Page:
- Consider short-term coverage for the in-between times. If you don't expect employer-based health insurance to kick in for a while and you're not eligible for (or can't afford) coverage through another source, consider a short-term health insurance plan. Just make sure you understand what you're buying. A short-term plan is a form of temporary coverage (from 30 days up to 12 months) which will not meet your coverage requirements under the Affordable Care Act, meaning that you may still be subject to a tax penalty. Short-term plans also may not provide coverage for preventive care, pre-existing medical conditions, or prescription drugs. However, these plans tend to be relatively affordable and can put a limit to your financial liability for any medical care you might receive for unexpected illnesses or injuries.
- Look out for the next open enrollment period. The next nationwide open enrollment period for self-purchased health insurance is coming up on November 15, 2014. The last open enrollment period was six months long but this next one is only scheduled to continue through February 15, 2015 -- a total of three months. Don't let it pass you by. Whether you have insurance in November or not, you should take the opportunity to reconsider your coverage options for 2015.
- Check your subsidy eligibility. If you experience a qualifying life event allowing you to enroll in coverage outside of open enrollment, find out if you qualify for a government subsidy to help you afford health insurance. In order to qualify, your projected income for 2014 can be no more than 400% of the federal poverty level, about $46,000 for a single person. Be aware, however, that unexpectedly earning more this year could mean that you end up having to pay back some or all of your subsidy dollars. To learn about your eligibility for a health insurance subsidy, work with a licensed agent or your state's government exchange.
- Get to know the metal plan levels and what they mean for you. All major medical health insurance plans cover the same basic suite of benefits but they may be differentiated by "metal" levels. These metal levels describe how much cost-sharing you may face when you actually receive medical care. Bronze plans are designed to cover about 60% of a typical member's medical expenses. That increases to 90% with platinum plans. The higher you go up the metal scale the better your overall coverage, but the more you should expect to pay in monthly premiums. If you're healthy and don't take prescription drugs, a bronze plan may suit you fine, but make sure you could pay out your full deductible in case of an emergency.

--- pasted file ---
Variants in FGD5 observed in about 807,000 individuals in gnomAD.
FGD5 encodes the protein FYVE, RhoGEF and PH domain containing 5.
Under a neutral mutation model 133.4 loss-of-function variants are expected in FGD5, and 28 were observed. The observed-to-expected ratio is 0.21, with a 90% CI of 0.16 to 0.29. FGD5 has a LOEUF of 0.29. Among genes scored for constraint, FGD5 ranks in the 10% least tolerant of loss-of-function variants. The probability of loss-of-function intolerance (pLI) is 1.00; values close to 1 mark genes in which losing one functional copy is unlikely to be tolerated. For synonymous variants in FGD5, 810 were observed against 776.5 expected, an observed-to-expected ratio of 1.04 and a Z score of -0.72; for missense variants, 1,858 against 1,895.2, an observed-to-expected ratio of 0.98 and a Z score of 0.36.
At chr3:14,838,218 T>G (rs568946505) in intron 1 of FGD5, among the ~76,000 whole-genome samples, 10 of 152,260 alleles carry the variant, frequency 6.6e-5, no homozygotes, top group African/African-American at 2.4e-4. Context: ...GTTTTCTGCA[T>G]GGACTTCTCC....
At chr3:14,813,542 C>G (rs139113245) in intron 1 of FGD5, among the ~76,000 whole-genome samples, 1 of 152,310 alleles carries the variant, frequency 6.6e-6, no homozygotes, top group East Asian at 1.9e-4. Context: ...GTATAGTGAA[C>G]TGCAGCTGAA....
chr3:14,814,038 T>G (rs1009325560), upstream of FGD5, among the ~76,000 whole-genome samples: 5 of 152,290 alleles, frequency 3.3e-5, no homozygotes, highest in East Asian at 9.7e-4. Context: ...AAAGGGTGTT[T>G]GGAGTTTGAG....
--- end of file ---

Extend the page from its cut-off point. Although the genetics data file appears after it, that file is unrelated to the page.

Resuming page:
- Consider a catastrophic plan too. In addition to the metal plans, you may also have access to "catastrophic coverage" plans. These are plans intended primarily for younger adults, under age 30. They provide less coverage overall than bronze plans but may be more affordable on a month-to-month basis. They'll meet your coverage requirements under the health care reform law but you can't use government subsidies to help pay for them. Catastrophic plans might be a good choice if you can't afford more robust coverage but want something to back you up in case of an emergency.
- Understand your tax obligations if you go uninsured for 2014. Being uninsured the day after graduation doesn't mean that you'll automatically have to pay a tax penalty. Under the Affordable Care Act, tax penalties are triggered when you go uninsured for three consecutive months or more in the same calendar year. If you're tempted to go uninsured after graduation, make sure you understand what your tax penalty may look like. Maybe you've heard it's only $95. In fact, the tax penalty for going uninsured in 2014 is the greater of $95 or 1% of your annual household income above the tax filing threshold of $10,150 (for an individual). Depending on how much you earn in 2014, your tax penalty for going uninsured could be hundreds of dollars.